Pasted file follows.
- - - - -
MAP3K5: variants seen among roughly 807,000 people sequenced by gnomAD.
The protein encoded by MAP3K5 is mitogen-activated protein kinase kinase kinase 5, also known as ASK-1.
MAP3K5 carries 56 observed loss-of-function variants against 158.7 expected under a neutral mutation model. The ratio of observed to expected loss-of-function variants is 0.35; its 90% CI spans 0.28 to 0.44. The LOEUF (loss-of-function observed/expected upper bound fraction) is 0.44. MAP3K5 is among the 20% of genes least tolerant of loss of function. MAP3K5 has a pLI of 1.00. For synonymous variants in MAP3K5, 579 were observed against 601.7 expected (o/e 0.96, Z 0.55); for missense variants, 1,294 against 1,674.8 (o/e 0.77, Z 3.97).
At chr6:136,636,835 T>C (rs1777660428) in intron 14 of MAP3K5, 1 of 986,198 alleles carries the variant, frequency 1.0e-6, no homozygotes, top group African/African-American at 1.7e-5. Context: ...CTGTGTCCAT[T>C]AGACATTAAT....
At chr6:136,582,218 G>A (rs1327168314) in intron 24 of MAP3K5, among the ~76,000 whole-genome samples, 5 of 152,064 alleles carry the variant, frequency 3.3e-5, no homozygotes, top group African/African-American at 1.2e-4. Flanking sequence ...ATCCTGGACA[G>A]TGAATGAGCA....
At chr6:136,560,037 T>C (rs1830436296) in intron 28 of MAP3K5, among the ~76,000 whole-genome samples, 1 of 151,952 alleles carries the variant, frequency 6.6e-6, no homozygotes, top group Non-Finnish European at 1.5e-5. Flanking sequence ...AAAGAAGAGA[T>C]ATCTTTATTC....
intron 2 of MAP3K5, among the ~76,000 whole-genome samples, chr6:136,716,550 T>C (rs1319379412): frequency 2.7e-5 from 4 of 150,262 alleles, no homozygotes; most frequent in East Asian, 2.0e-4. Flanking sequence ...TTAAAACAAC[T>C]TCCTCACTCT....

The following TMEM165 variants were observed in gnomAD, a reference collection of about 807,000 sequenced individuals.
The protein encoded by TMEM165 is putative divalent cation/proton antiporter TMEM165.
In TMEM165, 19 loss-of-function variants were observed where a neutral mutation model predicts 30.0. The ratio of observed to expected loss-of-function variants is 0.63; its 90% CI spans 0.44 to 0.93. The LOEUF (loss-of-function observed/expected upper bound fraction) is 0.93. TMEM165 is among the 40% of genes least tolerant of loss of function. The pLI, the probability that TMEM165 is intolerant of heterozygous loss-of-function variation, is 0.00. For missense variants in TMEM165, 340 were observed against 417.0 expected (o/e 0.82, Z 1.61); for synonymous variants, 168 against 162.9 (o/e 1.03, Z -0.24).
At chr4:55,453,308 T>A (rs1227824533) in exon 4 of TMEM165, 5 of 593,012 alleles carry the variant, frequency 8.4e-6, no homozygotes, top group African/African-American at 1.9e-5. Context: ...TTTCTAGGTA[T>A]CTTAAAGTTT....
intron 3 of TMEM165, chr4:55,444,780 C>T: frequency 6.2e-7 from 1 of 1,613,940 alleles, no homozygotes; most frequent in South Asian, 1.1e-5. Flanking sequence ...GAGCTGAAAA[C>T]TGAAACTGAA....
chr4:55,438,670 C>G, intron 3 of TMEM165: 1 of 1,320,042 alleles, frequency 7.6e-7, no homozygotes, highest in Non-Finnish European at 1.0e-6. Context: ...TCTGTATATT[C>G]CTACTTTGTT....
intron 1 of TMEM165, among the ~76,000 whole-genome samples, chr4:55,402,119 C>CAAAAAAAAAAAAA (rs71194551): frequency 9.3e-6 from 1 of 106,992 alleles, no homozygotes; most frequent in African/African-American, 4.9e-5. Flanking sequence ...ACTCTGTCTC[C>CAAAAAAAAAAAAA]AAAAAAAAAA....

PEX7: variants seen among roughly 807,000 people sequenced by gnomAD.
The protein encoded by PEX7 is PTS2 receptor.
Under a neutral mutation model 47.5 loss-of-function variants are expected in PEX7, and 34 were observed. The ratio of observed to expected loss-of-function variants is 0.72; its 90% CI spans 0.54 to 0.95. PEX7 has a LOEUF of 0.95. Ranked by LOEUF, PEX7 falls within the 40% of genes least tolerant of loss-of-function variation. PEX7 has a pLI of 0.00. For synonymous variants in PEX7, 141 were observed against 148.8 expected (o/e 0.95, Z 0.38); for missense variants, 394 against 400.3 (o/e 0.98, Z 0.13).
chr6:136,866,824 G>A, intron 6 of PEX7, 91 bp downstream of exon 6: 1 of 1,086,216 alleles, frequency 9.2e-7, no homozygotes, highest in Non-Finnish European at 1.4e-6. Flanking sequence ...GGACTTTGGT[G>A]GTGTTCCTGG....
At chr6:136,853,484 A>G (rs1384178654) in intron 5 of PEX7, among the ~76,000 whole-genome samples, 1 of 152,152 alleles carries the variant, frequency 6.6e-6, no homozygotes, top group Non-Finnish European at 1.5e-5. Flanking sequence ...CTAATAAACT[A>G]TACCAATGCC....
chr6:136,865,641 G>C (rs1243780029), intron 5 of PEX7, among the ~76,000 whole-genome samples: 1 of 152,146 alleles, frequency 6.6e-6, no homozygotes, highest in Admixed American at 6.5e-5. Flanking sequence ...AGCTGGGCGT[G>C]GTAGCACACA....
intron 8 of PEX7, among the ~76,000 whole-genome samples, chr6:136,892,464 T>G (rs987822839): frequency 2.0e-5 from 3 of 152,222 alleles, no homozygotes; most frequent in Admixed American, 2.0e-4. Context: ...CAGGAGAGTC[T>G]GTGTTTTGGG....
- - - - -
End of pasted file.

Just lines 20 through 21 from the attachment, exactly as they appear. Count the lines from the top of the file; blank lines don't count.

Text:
chr6:136,865,641 G>C (rs1243780029), intron 5 of PEX7, among the ~76,000 whole-genome samples: 1 of 152,146 alleles, frequency 6.6e-6, no homozygotes, highest in Admixed American at 6.5e-5. Flanking sequence ...AGCTGGGCGT[G>C]GTAGCACACA....
intron 8 of PEX7, among the ~76,000 whole-genome samples, chr6:136,892,464 T>G (rs987822839): frequency 2.0e-5 from 3 of 152,222 alleles, no homozygotes; most frequent in Admixed American, 2.0e-4. Context: ...CAGGAGAGTC[T>G]GTGTTTTGGG....